I have always been interested in happiness. Even before Pharrell Williams made it fashionable to sing about and dance to, I was interested in what made people happy. When I was given the opportunity to do some research for a Masters degree in Public Leadership (Virginia State Univ 2013) citizen satisfaction with local government became the object of my research.
This is a natural fit for me. I was one of the primary architects for the use of social media in my locality. I have always been focused on the technology and practice of connecting people to each other and connecting them to their government.
There are two pieces of research that were foundational for me, both by the Pew Research Center Internet & American Life project. The first is titled How the Public Perceives Community Information Systems. Let me summarize this for you. Citizens are happier and more satisfied with local government that are open and transparent:
Residents who said in the surveys that their local government was good at sharing information were more likely to feel satisfied with a host of other aspects of civic life. Citizens who believed that their government was forthcoming about its activities were more likely than others to feel better about these things: the overall quality of their community; the ability of the entire information environment of their community to give them the information that matters; the overall performance of their local government; and the performance of all manner of civic and journalistic institutions ranging from the fire department to the libraries to local newspaper and TV stations.
(Pew Research Center Internet & American Life project. 2011)
By the way, the Pew research also suggests that politicians were more successful and better liked when the locality shared more information. It seems to raise the “trust” factor a bit. I’ve always thought this would be a good selling point for localities managed by social-media-reluctant elected officials.
The second research piece from Pew regards the citizen opinion of government. It is titled The People and Their Government: Distrust, Discontent, Anger and Partisan Rancor. The good news is that citizens seem more satisfied with local government than state or federal government. The bad news is the level of their dissatisfaction with the later is at an all-time low:
By almost every conceivable measure Americans are less positive and more critical of government these days. A new Pew Research Center survey finds a perfect storm of conditions associated with distrust of government – a dismal economy, an unhappy public, bitter partisan-based backlash, and epic discontent with Congress and elected officials.
(Pew Research Center Internet & American Life project. 2010)
Epic? Ouch. I designed a short & simple survey and began research to shed a bit of light on this from a local government perspective. My goal was to show that the intersection of citizens, social media, and the internet (identified from the Pew research) may present an opportunity to raise the trust and confidence level of citizens in their local government. The survey was delivered via SurveyMonkey and had about 150 responses. The final question was regarding overall satisfaction with the local government.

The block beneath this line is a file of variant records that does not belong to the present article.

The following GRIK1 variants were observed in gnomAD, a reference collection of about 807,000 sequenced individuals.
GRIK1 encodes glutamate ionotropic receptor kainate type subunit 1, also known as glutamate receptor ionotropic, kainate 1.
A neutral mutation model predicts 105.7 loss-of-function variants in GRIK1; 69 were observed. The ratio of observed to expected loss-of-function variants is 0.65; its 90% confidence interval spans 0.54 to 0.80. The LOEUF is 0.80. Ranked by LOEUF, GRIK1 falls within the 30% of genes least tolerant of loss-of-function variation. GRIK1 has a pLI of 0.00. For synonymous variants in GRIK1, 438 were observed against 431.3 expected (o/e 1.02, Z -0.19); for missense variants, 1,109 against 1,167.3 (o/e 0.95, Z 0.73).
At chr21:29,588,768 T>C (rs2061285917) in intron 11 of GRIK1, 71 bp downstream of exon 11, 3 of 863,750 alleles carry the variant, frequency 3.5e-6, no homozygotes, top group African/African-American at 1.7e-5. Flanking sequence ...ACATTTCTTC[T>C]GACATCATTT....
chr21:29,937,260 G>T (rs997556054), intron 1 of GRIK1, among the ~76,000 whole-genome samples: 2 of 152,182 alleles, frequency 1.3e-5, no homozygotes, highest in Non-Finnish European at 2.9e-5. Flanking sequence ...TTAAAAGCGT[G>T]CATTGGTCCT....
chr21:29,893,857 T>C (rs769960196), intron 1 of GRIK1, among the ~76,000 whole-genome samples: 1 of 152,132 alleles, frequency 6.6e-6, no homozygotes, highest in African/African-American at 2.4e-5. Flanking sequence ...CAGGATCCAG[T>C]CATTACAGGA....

Two thirds of the respondents were satisfied or very satisfied, while one third were somewhat or extremely dissatisfied. The question became how to raise the level of satisfaction of the third. A small change in this figure (one third of the population) for even a modest-sized locality could mean a positive change in the satisfaction of thousands of citizens.
The survey asked other questions designed to provide:
A distinction between how the government communicates and how the citizens prefer to consume information. Is social media a panacea for openness & transparency?
Examining how important proximity to local leaders is. Do the citizens care?
Insight into what the citizens think influences their opinion of government – the triggers.
The question about what influences citizen opinion of government were particularly interesting, and there is a separate blog post about that with a cool chart.
When localities survey their citizens they tend to ask lots of questions about services, and how happy the citizens are with them. How happy are you with service x? Are your taxes too high, too low or just about right? And, the surveys tend to be long. Localities need to be asking a different type of question if they want information to aide in raising citizen satisfaction. In other words, don’t just ask them if they are happy, ask them what makes them happy and what their expectations are. Then, you have something to focus your efforts on.
Barry Condrey is part of the GovLoop Featured Blogger program, where we feature blog posts by government voices from all across the country (and world!). To see more Featured Blogger posts, click here.
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